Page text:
Investigative Newsource, Executive Director and Editor
Investigative Newsource is a nonprofit journalistic enterprise embedded within the KPBS newsroom. Together they produce investigations and data analysis.
Lorie Hearn founded the institute in the summer of 2009, following a successful 35-year reporting and editing career in newspapers. She retired from The San Diego Union-Tribune, where she had been a reporter, Metro Editor and finally the senior editor for Metro and Watchdog Journalism. In addition to department oversight, Hearn personally managed a four-person watchdog team, composed of two data specialists and two investigative reporters.
Hearn was a Nieman Foundation fellow at Harvard University in 1994-95. She focused on juvenile justice and drug control policy, a natural course to follow her years as a courts and legal affairs reporter at the San Diego Union and then the Union-Tribune.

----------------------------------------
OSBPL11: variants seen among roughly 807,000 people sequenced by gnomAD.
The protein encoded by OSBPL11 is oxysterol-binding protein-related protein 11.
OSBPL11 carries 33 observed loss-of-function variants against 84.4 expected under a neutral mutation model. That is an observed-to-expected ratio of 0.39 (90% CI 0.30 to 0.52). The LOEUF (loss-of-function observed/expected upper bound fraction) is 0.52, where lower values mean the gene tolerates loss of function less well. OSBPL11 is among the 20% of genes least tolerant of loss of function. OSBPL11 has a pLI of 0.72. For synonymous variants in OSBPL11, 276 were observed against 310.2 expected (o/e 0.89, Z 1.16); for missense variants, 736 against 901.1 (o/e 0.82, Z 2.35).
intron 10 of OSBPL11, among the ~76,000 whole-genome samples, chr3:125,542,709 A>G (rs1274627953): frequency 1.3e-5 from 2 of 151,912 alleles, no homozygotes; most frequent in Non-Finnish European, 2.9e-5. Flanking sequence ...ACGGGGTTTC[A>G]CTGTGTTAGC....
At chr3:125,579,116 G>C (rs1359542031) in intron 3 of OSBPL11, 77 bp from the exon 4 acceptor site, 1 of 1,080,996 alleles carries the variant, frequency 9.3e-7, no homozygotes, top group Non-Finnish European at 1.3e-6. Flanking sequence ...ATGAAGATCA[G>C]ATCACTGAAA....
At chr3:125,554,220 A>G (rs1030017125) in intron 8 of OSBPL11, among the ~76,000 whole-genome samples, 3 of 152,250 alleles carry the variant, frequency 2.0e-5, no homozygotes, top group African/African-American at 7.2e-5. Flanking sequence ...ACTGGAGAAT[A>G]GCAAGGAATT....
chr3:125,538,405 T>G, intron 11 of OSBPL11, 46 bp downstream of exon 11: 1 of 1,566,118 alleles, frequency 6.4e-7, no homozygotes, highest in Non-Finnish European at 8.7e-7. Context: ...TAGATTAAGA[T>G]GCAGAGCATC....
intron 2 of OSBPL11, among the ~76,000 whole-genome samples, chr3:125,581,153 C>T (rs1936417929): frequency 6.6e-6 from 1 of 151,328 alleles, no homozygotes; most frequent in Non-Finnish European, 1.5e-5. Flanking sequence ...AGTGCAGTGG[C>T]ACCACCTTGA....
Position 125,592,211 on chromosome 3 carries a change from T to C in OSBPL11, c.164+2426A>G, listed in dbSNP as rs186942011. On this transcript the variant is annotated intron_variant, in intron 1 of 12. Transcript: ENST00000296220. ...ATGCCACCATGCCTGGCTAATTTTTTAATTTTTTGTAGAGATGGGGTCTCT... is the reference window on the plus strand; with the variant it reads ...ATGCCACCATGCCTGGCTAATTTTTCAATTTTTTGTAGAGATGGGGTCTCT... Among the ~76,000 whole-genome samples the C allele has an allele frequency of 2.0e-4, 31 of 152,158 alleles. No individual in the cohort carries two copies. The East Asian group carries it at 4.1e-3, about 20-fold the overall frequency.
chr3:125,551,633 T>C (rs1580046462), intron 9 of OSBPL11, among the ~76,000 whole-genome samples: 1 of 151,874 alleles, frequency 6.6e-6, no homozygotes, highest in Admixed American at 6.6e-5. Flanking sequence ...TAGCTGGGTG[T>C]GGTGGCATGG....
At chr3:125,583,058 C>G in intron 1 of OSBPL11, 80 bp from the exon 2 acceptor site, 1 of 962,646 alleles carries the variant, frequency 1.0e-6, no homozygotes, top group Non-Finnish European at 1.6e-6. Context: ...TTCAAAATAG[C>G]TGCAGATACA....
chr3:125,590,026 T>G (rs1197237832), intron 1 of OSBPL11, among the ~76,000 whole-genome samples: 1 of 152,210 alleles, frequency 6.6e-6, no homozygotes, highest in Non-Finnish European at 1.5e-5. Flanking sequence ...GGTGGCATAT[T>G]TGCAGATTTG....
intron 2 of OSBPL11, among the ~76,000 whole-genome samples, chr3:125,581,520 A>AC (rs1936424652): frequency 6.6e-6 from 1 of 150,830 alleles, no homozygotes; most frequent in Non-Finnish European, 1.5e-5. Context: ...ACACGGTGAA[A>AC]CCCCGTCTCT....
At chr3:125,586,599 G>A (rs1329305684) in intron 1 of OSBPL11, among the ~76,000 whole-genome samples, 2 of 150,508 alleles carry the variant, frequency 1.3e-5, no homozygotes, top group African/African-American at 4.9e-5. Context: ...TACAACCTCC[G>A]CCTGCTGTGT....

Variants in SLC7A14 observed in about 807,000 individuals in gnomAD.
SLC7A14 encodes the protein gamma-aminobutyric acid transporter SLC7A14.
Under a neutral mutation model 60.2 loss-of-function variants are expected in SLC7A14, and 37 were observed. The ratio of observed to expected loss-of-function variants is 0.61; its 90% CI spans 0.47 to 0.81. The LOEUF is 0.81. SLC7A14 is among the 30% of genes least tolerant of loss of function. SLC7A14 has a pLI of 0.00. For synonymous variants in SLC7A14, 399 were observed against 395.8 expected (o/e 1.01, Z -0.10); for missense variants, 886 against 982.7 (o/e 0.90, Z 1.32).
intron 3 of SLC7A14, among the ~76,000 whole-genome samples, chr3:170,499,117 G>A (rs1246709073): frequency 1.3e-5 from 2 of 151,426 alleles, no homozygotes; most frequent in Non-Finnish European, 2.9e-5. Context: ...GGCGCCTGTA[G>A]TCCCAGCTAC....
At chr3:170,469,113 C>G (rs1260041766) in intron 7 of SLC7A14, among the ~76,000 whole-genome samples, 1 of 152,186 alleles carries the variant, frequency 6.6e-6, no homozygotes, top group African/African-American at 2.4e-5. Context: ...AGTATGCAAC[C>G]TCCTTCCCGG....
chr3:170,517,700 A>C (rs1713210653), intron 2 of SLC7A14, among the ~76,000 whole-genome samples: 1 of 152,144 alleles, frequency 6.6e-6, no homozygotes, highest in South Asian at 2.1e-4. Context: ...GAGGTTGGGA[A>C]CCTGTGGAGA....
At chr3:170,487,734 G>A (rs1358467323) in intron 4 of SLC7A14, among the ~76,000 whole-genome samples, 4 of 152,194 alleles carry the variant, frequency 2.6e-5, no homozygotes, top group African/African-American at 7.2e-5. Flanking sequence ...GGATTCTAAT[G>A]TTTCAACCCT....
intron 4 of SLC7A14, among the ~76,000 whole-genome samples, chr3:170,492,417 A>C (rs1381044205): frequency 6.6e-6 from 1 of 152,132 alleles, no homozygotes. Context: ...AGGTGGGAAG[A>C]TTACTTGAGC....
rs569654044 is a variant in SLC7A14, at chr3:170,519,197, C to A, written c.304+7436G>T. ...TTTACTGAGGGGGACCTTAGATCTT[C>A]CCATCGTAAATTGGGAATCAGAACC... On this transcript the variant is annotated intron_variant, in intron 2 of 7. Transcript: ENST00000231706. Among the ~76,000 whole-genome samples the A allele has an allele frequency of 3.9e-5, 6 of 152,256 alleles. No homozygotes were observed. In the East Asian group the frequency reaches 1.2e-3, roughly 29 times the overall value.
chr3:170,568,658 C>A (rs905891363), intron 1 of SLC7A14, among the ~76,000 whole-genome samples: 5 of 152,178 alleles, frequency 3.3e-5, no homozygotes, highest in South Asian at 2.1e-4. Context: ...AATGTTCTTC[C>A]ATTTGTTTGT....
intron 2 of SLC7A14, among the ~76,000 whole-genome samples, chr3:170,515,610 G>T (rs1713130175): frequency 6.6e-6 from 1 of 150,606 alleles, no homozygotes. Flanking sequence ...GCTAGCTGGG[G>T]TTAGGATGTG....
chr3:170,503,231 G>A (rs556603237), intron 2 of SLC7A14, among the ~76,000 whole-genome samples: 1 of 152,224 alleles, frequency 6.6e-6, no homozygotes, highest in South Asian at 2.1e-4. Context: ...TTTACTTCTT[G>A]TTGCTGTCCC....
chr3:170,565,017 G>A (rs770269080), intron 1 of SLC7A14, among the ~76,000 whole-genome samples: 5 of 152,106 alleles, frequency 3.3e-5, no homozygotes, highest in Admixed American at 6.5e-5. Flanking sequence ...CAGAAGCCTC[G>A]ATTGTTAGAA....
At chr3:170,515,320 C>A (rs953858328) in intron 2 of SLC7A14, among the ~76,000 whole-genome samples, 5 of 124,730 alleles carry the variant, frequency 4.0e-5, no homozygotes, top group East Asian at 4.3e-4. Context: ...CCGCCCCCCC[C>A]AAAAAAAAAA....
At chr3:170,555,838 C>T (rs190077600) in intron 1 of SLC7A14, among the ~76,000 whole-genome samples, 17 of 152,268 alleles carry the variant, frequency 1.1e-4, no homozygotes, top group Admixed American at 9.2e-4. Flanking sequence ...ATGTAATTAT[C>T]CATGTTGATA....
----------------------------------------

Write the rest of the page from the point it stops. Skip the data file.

Hearn became Metro Editor at the Union-Tribune in 1999 and oversaw regional and city news coverage, which included the city of San Diego’s financial debacle and near bankruptcy. Reporters and editors on Metro during her tenure were part of the Pulitzer Prize-winning stories that exposed Congressman Randy “Duke” Cunningham and led to his imprisonment.
Hearn began her journalism career as a reporter for the Bucks County Courier Times, a small daily outside of Philadelphia, shortly after graduating from the University of Delaware in 1974. During the next two decades, she moved through countless beats at five newspapers on both coasts. High-profile coverage included the historic state Supreme Court election in 1986, when three sitting justices were ousted from the bench, and the 1992 execution of Robert Alton Harris. That gas chamber execution was the first time the death penalty was carried out in California in 25 years.
In her nine years as Metro Editor at the Union-Tribune, Hearn made watchdog reporting a priority. Her reporters produced award-winning investigations covering large and small local governments. The depth and breadth of their public service work was most evident in coverage of the wildfires of 2003 and then 2007, when more than half a million people were evacuated from their homes.